Menefee and Simpson were able to identify that one or at most two individuals made the coffins (based on stylistic differences in coffin shape) and the tools used suggested the maker was a shoemaker, rather than a carpenter, as a sharp knife and not chisel was used to hollow out the coffins. The tin decorations were of the type used in shoemaking or leather-making further strengthening this theory. Their findings also indicate that the figures themselves were probably originally toy soldiers dating from the late eighteenth century. Perhaps the most important revelation from their study relates to the thread used in the clothing. Three ply cotton thread was used to sew the grave-clothes for one of the figures, this thread was not in use in Scotland before 1830. Other figures using one or two ply thread may have been earlier, but as Mike Dash suggests the date range could be as short at 1800-1830 – so it would seem that the infamous Scottish weather was to blame for the deterioration of some of the coffins, rather than the passage of time.
In fact Menefee and Simpson’s theory supposes a date after 1830 and they draw attention to the number of coffins in place as being a significant indicator that the placement of the coffins was event-driven, rather than part of a long-standing folk tradition. Dash provides the following quote from their work:
“It is arguable, that the problem with the various theories is their concentration on motivation, rather than on the even or events that caused the interments. The former will always be open to argument, but if the burials were event-driven [..] the speculation would at least be built on demonstrable fact. Stated another way, what we seek is an Edinburgh-related event or events, involving seventeen deaths, which occurred close to 1830 and certainly before 1836. One obvious answer springs to mind – the West Port Murders by William Burke and William Hare in 1827 and 1828.”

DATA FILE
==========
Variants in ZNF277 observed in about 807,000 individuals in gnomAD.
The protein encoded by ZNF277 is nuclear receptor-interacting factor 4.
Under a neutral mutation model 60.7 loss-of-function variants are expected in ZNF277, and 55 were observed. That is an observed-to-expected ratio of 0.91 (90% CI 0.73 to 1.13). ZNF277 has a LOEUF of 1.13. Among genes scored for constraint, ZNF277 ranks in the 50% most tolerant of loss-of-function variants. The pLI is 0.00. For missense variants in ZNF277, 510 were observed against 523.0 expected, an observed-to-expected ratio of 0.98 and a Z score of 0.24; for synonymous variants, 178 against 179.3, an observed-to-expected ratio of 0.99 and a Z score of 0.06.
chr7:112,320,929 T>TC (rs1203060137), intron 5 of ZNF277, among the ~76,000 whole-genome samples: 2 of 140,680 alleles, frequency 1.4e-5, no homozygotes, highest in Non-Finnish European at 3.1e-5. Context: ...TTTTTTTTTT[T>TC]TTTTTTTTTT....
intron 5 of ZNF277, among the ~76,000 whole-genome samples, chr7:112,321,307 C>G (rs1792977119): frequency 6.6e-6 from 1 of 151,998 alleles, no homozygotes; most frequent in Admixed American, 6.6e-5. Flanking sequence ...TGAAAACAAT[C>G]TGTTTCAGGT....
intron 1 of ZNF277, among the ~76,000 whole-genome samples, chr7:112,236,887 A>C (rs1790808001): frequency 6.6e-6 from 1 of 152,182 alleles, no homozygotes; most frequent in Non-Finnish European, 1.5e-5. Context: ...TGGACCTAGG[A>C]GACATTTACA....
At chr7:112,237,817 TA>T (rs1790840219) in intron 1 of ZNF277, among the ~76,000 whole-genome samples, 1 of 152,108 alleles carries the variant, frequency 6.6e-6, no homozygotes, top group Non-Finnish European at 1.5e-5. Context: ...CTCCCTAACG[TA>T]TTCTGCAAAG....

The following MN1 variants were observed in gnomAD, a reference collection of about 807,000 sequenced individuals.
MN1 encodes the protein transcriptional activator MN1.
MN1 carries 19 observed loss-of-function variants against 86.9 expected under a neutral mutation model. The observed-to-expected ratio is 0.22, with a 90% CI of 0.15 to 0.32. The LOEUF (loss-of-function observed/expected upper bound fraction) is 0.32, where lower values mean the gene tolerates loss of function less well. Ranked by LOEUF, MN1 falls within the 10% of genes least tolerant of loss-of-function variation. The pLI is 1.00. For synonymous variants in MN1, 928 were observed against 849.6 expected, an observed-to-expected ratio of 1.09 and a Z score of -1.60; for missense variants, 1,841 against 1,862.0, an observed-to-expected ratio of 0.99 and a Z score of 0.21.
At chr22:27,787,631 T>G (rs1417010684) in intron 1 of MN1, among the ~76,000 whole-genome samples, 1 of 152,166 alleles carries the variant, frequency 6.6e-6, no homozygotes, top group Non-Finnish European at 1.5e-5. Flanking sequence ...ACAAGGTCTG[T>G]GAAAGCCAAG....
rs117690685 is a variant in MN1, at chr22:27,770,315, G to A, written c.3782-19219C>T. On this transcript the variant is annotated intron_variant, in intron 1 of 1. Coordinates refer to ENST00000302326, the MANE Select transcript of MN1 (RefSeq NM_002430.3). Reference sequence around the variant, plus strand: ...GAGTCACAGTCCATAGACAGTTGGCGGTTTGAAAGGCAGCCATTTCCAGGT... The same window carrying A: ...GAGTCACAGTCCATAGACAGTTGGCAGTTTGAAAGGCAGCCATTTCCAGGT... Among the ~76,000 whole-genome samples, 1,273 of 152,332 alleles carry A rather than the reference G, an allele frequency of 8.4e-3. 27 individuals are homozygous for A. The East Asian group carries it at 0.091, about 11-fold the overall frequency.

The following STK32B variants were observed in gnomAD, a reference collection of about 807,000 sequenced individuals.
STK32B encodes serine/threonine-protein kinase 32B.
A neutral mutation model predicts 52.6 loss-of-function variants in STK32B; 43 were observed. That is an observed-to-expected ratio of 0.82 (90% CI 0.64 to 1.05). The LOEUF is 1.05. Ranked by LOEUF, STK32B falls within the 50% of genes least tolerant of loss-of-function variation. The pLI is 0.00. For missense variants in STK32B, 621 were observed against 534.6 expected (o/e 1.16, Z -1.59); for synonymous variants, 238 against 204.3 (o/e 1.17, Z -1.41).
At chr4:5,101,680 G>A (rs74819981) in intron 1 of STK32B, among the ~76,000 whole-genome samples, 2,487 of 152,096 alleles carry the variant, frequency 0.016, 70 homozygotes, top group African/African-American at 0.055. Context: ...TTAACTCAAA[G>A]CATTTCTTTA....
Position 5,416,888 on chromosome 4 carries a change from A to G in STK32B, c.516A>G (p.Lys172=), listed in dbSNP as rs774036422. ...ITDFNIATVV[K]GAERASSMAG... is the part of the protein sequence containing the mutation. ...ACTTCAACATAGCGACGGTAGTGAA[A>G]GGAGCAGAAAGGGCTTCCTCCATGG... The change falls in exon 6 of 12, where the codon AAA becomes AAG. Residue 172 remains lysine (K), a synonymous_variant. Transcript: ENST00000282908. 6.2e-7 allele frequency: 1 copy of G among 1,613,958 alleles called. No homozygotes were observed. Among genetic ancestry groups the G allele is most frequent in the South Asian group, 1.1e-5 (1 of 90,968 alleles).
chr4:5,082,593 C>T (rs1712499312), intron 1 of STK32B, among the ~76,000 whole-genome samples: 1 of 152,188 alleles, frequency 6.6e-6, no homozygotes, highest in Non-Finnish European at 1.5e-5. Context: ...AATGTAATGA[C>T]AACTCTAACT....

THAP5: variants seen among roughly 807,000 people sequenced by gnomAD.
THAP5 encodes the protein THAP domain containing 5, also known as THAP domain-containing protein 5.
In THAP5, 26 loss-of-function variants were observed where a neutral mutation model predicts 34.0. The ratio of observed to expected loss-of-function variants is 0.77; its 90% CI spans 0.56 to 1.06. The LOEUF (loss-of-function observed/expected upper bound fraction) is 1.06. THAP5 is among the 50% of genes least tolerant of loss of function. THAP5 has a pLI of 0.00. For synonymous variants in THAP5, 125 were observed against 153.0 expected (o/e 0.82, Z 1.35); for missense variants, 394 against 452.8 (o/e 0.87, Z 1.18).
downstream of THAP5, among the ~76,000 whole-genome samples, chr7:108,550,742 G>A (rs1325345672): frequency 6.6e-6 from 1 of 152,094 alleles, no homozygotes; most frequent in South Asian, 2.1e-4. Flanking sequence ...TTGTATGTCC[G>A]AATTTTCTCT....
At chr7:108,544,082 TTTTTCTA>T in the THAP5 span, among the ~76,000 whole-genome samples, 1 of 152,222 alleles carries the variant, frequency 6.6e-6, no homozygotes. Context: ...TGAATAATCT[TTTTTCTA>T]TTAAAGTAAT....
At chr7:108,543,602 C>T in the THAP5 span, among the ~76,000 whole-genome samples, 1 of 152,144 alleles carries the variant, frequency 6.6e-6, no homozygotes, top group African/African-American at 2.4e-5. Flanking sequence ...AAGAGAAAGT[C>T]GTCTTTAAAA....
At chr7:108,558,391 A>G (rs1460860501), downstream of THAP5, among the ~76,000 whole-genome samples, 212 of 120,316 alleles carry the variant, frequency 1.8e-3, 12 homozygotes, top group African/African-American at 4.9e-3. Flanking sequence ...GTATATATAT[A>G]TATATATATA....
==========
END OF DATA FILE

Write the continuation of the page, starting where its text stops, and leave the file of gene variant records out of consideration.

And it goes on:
Burke and Hare made a living out of death, selling bodies to the anatomist Dr Robert Knox a Fellow of the Royal College of Surgeons of Edinburgh. They began their careers as opportunists following the death of Hare’s lodger, Old Donald. Old Donald died owing a substantial amount of rent, so Hare and his friend Burke decided to sell his body to the local anatomists to recoup the loss. So profitable was this enterprise that their initial opportunism soon blossomed into a full-scale murder spree, tallying sixteen victims before they were caught. While Hare escaped the hangman’s noose by turning kings evidence, Burke was hanged for his crimes on 28 January 1829 and his body sent for public dissection.
What made both the work of the anatomist surgeons and the murders carried out by Burke and Hare so dreadful to people at the time, was they were in effect denying the deceased the chance of salvation at the Last Judgment. Christians at the time held a strong belief that the dead would literally rise up on the final day of judgement. So, if a loved one’s body was dissected and destroyed it was on the one hand a horror in the physical sense, but on the other hand, a deeper metaphysical horror at the spiritual consequences of the destruction of the body. People went to great lengths to protect their departed relatives from this fate, as the mort-safes in Grey Friars Kirkyard attest.
Menefee and Simpson’s study suggests that the event that triggered the interment of the seventeen coffins on Arthur’s Seat was the West Port murders of Burke and Hare. They propose that the coffins were a symbolic burial for those whose bodies were destroyed because of the actions of Burke and Hare. A way that the dead could still stand for their last judgment. So although their scientific analysis of the material used to make the coffins explodes one theory (of their antiquity) they do support the long-held view that they represent honorific burial.
So, were the coffins evidence of satanic rituals, witchcraft, protection for sailors on the high seas, or mock burials for those who died abroad? Or a reminder of the grisly crimes of Burke and Hare?
It would seem that one of the earliest theories, that the coffins represented honorific burials, might not have been too far off the mark, even if the motivation for them was event driven rather than an ancient tradition.
If the crimes of Burke and Hare are the inspiration behind the Arthur’s Seat Coffins, some questions still remain: who made the coffins – a relative of one of the victims or someone who knew Burke and Hare and wished to make amends? If they are related to the West Port Murders, then, as Min Bannister of the Edinburgh Fortean Society points out, why are they all male figures when the victims included twelve women? Could this simply be because the offering was a token gesture and not meant to represent the actual individuals? Is it also possible that the single coffin at the top represents the first ‘victim’ old Donald, whose death by natural causes gave Burke and Hare the idea for their terrible crimes? Chances are we will never know for sure, but perhaps that is part of their enduring fascination…
The Arthur’s Seat Coffins are on display at the National Museum of Scotland in Edinburgh.
Sources and notes
Images – unless otherwise credited all images by Lenora.
http://blogs.forteana.org/node/97 The Miniature coffins found on Arthur’s Seat by Mike Dash